First Impressions

The only American city that can compare to London in terms of size and population is New York- but that might be the only similarity. London has a completely different feel from any major U.S. city. In only a weeks time, I can discern that London lacks the hustle and bustle of a New York, Chicago or even my own local metropolis Washington D.C. When Gray, Witt, and I explored the area around Buckingham Palace, it was eerily quiet. Of course there are busy areas and times, but by and large the city is much more quiet than originally expected.

Similarly, the city is exceptionally clean. Despite what I consider a shortage of trashcans, I’ve seen very little trash – especially in the tube. The public transportation system is much broader, more efficient and accessible than in the States. Perhaps this feeds into the relative quietness of the city. It has made getting around very easy. I am also impressed by the sheer age of everything. An “old” building in the States might be a hundred years old. But on the other side of the pond “old” is a thousand. Almost every building we have seen is aesthetically pleasing. The grassy parks bear a stark contrast to the concrete jungles in the States. Professionally, workplace culture is entirely different. It seems people buy into the pub culture and casual daytime drinking and as Mr. Adamson said, emphasize relationships more than “sharp elbows” of U.S. firms. The City has been very welcoming to us, albeit at a tremendous financial cost (see Gray’s post), and I look forward to exploring more in the coming weeks.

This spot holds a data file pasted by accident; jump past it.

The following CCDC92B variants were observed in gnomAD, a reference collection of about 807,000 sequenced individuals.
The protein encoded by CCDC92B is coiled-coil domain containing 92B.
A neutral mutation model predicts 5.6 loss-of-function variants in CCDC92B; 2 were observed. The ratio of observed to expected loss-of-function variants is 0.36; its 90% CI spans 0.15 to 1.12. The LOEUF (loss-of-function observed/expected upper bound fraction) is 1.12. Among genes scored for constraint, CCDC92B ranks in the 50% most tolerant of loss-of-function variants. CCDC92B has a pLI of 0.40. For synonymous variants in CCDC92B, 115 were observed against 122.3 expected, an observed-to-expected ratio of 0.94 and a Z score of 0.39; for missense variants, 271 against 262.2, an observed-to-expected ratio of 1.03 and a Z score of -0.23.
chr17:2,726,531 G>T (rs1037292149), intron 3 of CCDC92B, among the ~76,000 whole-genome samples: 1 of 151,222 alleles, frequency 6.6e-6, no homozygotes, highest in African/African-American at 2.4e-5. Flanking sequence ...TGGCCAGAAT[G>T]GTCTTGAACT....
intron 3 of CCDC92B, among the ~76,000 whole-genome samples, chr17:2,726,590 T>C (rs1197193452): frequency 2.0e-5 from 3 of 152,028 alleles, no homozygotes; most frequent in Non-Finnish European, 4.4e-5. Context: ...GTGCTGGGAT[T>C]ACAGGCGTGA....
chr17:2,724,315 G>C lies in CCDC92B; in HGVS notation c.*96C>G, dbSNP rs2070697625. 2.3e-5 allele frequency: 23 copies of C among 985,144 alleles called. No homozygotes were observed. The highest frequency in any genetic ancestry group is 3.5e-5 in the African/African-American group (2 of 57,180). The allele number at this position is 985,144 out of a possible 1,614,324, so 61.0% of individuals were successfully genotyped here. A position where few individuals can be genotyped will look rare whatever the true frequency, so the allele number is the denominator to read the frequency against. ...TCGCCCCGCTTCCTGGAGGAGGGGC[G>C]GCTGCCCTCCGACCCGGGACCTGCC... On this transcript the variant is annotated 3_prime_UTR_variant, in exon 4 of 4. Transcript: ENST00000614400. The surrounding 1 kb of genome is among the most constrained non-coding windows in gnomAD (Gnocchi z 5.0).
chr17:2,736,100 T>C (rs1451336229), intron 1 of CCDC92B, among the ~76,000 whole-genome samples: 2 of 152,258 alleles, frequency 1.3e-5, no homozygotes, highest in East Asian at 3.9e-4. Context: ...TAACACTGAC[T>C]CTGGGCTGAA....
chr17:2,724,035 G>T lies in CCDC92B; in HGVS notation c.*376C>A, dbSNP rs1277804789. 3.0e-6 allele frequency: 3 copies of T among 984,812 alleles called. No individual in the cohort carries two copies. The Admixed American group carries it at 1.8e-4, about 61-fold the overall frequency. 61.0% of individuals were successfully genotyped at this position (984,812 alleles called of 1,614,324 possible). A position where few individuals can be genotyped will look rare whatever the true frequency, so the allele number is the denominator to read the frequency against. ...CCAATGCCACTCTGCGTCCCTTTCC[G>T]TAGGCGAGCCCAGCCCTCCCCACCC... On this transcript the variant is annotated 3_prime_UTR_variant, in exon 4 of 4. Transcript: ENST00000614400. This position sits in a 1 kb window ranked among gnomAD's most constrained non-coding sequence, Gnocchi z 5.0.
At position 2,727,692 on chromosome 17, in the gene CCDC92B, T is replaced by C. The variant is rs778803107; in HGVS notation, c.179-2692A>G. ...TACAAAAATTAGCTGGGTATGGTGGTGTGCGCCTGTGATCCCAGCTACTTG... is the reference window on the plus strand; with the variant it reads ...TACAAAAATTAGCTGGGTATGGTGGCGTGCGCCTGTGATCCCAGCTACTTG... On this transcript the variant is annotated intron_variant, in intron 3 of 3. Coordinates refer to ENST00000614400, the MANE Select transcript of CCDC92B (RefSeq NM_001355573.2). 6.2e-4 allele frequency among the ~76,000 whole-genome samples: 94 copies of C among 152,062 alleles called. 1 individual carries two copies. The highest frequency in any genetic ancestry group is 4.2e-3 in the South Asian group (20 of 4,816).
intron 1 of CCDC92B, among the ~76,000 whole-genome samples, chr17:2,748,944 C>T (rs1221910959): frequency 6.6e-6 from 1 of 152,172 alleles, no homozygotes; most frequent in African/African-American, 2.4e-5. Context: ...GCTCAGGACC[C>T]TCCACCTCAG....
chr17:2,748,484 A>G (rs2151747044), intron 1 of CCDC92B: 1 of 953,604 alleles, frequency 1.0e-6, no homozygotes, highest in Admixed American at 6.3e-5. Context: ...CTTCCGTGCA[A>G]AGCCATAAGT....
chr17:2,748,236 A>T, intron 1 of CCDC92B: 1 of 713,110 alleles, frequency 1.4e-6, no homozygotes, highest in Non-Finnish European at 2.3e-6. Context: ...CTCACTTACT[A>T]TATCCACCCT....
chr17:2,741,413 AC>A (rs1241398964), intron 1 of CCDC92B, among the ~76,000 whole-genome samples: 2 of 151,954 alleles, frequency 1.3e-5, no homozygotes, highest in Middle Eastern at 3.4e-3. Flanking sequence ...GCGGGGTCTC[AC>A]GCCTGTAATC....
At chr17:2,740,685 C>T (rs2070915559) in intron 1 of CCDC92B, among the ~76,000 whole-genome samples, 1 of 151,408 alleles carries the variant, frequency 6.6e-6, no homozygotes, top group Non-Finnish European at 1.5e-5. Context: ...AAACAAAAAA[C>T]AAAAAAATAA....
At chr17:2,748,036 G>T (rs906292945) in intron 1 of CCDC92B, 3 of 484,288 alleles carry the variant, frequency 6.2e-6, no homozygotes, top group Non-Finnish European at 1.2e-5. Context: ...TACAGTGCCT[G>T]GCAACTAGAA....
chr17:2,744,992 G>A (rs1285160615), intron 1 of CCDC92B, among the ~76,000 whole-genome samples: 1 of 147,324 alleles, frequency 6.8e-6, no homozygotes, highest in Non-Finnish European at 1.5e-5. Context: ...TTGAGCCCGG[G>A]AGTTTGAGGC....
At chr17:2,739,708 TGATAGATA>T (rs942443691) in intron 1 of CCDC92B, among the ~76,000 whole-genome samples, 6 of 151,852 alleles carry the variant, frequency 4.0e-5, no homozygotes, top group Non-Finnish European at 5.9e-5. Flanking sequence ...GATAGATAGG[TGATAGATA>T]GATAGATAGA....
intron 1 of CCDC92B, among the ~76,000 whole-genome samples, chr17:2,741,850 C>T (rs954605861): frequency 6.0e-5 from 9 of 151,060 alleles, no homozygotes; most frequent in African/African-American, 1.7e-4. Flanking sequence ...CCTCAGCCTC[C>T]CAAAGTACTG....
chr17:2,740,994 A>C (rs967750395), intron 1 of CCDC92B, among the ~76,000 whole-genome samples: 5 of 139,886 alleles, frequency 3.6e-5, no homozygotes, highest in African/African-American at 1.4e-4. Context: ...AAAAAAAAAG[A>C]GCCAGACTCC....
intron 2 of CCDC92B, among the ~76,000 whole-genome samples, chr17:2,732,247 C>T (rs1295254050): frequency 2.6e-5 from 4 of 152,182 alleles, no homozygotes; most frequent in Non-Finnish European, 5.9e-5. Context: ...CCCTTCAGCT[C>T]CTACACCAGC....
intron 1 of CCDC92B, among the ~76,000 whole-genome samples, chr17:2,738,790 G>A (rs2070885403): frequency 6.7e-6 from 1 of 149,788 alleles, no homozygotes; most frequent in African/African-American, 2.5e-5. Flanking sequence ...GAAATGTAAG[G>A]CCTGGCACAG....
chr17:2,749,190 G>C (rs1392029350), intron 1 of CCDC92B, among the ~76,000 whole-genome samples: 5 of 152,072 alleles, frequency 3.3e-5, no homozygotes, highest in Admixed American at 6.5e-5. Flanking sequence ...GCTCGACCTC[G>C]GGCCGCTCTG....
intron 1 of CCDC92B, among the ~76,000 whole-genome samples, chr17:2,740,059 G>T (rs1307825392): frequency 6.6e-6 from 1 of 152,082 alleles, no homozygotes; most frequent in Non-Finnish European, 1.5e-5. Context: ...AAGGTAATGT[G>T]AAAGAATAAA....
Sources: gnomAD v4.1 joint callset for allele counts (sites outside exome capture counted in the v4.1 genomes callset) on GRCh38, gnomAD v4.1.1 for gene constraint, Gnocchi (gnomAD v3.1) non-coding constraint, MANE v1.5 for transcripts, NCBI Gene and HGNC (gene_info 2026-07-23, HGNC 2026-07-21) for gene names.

• Jack, I was also very surprised by the relatively calm streets and lack of commotion throughout the city during the day. Going to high school in Washington, D.C., I always dreaded driving to and from school, as I would inevitable hit large amounts of traffic no matter the time of day. Additionally, walking around D.C. is always hectic with people running through the streets as they are on a time crunch. I agree that London is very different than U.S. cities. I was shocked to see how low the buildings were, and the lack of rush hour traffic. Even in suburbs of D.C., there are many high buildings, as the price of real estate has drastically increased over recent decades, but London does not have many tall buildings by modern standings outside of the financial district. Additionally, while there was some road traffic in London, it seldom seemed to be at a standstill such as we have become accustomed to living in the greater D.C. area. I think your analysis that this is due to London having efficient public transportation is spot on, as the tube is a major reason why people do not feel the need to have cars (along with the lack of parking in the city). It was quite interesting to see how two major cities have such different feels to them.

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